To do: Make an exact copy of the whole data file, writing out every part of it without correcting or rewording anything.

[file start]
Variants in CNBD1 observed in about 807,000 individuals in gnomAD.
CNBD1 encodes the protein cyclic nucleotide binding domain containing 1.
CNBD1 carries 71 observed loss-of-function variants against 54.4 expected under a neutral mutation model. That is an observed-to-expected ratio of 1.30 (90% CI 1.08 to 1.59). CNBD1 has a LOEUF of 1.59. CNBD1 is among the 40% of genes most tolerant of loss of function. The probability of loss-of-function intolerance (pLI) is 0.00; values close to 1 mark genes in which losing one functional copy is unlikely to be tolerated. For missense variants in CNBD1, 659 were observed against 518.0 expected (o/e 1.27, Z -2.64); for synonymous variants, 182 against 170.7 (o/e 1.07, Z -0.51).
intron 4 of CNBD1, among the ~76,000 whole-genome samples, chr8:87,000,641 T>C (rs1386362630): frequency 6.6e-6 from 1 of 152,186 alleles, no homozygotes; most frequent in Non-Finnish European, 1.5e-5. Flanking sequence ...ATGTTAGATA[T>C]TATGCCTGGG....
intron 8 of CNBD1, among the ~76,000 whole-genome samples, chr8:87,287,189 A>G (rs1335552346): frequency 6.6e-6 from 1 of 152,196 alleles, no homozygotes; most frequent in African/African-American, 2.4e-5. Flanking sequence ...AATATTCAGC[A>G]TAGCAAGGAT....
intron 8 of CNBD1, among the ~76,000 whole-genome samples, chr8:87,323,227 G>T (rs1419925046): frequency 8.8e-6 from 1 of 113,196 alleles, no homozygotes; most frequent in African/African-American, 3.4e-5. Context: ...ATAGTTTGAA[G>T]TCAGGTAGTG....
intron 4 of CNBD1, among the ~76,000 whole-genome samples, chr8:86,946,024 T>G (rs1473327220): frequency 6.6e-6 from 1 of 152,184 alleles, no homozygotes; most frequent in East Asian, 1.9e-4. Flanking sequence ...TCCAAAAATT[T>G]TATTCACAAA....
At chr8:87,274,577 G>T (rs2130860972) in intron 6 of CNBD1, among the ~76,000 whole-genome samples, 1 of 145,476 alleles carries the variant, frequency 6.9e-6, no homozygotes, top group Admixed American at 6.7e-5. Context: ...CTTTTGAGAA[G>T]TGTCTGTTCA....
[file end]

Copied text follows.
Variants in CNBD1 observed in about 807,000 individuals in gnomAD.
CNBD1 encodes the protein cyclic nucleotide binding domain containing 1.
CNBD1 carries 71 observed loss-of-function variants against 54.4 expected under a neutral mutation model. That is an observed-to-expected ratio of 1.30 (90% CI 1.08 to 1.59). CNBD1 has a LOEUF of 1.59. CNBD1 is among the 40% of genes most tolerant of loss of function. The probability of loss-of-function intolerance (pLI) is 0.00; values close to 1 mark genes in which losing one functional copy is unlikely to be tolerated. For missense variants in CNBD1, 659 were observed against 518.0 expected (o/e 1.27, Z -2.64); for synonymous variants, 182 against 170.7 (o/e 1.07, Z -0.51).
intron 4 of CNBD1, among the ~76,000 whole-genome samples, chr8:87,000,641 T>C (rs1386362630): frequency 6.6e-6 from 1 of 152,186 alleles, no homozygotes; most frequent in Non-Finnish European, 1.5e-5. Flanking sequence ...ATGTTAGATA[T>C]TATGCCTGGG....
intron 8 of CNBD1, among the ~76,000 whole-genome samples, chr8:87,287,189 A>G (rs1335552346): frequency 6.6e-6 from 1 of 152,196 alleles, no homozygotes; most frequent in African/African-American, 2.4e-5. Flanking sequence ...AATATTCAGC[A>G]TAGCAAGGAT....
intron 8 of CNBD1, among the ~76,000 whole-genome samples, chr8:87,323,227 G>T (rs1419925046): frequency 8.8e-6 from 1 of 113,196 alleles, no homozygotes; most frequent in African/African-American, 3.4e-5. Context: ...ATAGTTTGAA[G>T]TCAGGTAGTG....
intron 4 of CNBD1, among the ~76,000 whole-genome samples, chr8:86,946,024 T>G (rs1473327220): frequency 6.6e-6 from 1 of 152,184 alleles, no homozygotes; most frequent in East Asian, 1.9e-4. Flanking sequence ...TCCAAAAATT[T>G]TATTCACAAA....
At chr8:87,274,577 G>T (rs2130860972) in intron 6 of CNBD1, among the ~76,000 whole-genome samples, 1 of 145,476 alleles carries the variant, frequency 6.9e-6, no homozygotes, top group Admixed American at 6.7e-5. Context: ...CTTTTGAGAA[G>T]TGTCTGTTCA....